None of you will need reminding of the current challenges we face in the justice system. Successive Chairs of the Bar and Bar leaders have continued to challenge the government to provide sufficient funding. We have repeatedly spelt out the consequential damage to the public interest by not repairing and modernising the court estate or making the publicly funded part of the profession sustainable.

These problems exist in all jurisdictions. We are all wrestling with the right balance of ‘remote’ and ‘in person’ as we manage reduced capacity and struggle to tackle backlogs. In crime the problem is particularly acute, and the public is rightly increasingly unimpressed by the way it is served. The Bar Council has been very clear – we need immediate investment in the criminal justice system, an uplift in fees as set out by the Bellamy Review, and a series of system changes in line with the Bellamy recommendations.

I know colleagues are frustrated and angry about the slow pace of change. My hope is that we are on the path towards rebuilding, restoring, and refunding the system. As we make this journey it is important for us to remain positive about the thousands of hard-working people who struggle on. It is also important not to be relentlessly negative as we only further discourage students from considering what remains an immensely important career. Amid all the challenges there may be some positive signs.

By the time you read this, I hope that the Ministry of Justice public commitment to lay a Statutory Instrument before Parliament closes for summer will have transformed into a formal Ministerial announcement. This will hopefully bring in fee uplifts by the end of September. On 22 June the Lord Chancellor said this would mean a 15% increase in fees for AGFS, as set out in the consultation which closed on 8 June. This increase is a welcome first step, but many important problems remain to be solved in the next stage of reform.

We will continue to push for clarity on the composition, scope, and remit of the proposed Advisory Board. Ultimately the data and evidence will tell its own tale. If younger practitioners continue to flee criminal practice then more money will be needed to improve recruitment and retention.

This year we have seen an increase in the frequency and tone of political attacks on lawyers. Soon after the invasion of Ukraine some politicians accused lawyers of being enablers of oligarchs associated with the Kremlin. The Bar Council continues to explore what work barristers are doing in the field of sanctions. My impression, shared with the Law Society, is that many barristers and solicitors have withdrawn entirely from this field of work, as a result of a combination of principled and practical problems.

More recently disputes around immigration law have seen further attacks. In a particular low point, the Prime Minister accused lawyers of ‘abetting the work of criminal gangs’. This claim is completely unwarranted and unfair, and such comments seek to undermine the entire profession and the rule of law. It seems there is a pattern here – of attacking lawyers who are maintaining arguments in relation to policy that the government doesn’t like, and it’s a form of bullying that cannot be tolerated. I was pleased the Bar Council and Law Society of England and Wales were able to work together to reject this appalling and irresponsible language.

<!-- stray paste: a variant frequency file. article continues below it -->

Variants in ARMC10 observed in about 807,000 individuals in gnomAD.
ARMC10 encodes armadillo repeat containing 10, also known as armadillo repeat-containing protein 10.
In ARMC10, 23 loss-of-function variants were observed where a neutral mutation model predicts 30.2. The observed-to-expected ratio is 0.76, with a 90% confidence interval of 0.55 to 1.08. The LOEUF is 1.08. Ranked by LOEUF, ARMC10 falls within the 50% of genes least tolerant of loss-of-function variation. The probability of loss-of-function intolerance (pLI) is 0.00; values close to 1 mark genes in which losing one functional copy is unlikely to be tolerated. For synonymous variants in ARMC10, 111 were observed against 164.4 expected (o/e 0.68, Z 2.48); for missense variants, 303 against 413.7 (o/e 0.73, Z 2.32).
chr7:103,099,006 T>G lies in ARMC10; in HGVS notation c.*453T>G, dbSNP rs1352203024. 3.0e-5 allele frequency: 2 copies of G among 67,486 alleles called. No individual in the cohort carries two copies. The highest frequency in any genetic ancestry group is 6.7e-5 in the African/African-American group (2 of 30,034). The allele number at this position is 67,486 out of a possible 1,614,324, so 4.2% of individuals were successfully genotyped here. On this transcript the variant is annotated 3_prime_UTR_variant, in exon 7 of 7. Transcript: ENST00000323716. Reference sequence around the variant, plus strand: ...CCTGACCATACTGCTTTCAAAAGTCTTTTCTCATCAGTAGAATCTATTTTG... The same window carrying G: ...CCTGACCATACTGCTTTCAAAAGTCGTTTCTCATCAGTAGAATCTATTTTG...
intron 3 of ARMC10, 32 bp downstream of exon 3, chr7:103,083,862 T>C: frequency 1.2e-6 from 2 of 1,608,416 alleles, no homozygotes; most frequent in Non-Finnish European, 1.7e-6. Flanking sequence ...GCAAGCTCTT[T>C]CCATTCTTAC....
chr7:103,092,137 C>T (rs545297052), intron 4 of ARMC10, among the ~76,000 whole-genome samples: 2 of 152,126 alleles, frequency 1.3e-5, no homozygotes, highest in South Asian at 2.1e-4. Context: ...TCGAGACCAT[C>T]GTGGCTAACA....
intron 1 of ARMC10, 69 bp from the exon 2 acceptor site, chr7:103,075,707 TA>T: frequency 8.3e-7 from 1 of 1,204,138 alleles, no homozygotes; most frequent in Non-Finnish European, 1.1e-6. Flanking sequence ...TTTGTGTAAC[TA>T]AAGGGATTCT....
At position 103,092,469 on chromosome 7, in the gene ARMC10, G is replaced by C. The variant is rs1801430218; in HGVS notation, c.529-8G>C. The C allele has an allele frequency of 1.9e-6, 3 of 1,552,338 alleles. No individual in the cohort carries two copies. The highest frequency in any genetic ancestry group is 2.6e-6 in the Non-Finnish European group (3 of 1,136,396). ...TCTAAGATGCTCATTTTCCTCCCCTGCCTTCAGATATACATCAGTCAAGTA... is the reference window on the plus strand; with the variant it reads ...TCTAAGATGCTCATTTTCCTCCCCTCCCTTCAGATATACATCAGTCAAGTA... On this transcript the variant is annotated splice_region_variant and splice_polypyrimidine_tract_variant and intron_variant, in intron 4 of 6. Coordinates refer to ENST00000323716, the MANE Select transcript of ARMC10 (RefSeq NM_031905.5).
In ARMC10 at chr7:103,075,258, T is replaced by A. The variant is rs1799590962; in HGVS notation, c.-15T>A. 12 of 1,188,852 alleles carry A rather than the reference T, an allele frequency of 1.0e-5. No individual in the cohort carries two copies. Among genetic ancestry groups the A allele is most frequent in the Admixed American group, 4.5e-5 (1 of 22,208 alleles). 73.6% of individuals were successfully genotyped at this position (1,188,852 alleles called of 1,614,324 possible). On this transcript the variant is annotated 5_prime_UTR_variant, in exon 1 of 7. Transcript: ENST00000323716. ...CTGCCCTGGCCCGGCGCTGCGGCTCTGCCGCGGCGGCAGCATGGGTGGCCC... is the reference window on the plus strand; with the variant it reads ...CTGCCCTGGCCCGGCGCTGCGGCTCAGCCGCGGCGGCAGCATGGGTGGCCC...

But while we rightly claim the protection afforded by the cab rank rule, each of us must remember that we have a responsibility not to associate ourselves with our client’s interests. If we fail to remember this rule, we undermine our vaunted independence and expose ourselves and our colleagues – the whole profession – to such political attacks.

New Bar Council data has revealed that 239 courts in England and Wales have closed in the last 12 years. There are no courts open in 373 parliamentary constituencies and in 155 council areas. The current picture is laid bare in an interactive map called the Access to Justice dashboard that is available on the Bar Council website.

We know there is an increasing demand for access to local public services, including access to justice, but the closure of hundreds of courts means that people must travel further and for longer, and waiting lists and backlogs have grown. Of course we have to be measured when we criticise, because lessons learned in the pandemic about technology and the role of ‘remote’ may enable the courts and tribunals to reduce some backlogs without (re)opening many buildings.

In some types of work there is considerable public support for remote hearings to be used extensively. But we must be vigilant to ensure that access to justice does not become a postcode lottery, and we need new funding to rebuild and modernise the crumbling court estate, to appoint enough judges in all jurisdictions and to deliver wider access to legal aid. If this is not done, and people cannot access justice quickly and efficiently, they will lose confidence that the law will help them resolve family, property, employment and financial disputes.

This is an unprecedented time for us, both as individuals and as a profession. We are under enormous pressure and it’s essential that we support one another. The Vice Chair of the Bar, Nick Vineall QC, and I were delighted to spend two days in Cardiff visiting the Wales and Chester Circuit. Thank you for the warmth of the welcome and for your time. Practitioners young and old across England and Wales share so much and it was a pleasure to speak with and listen to you all.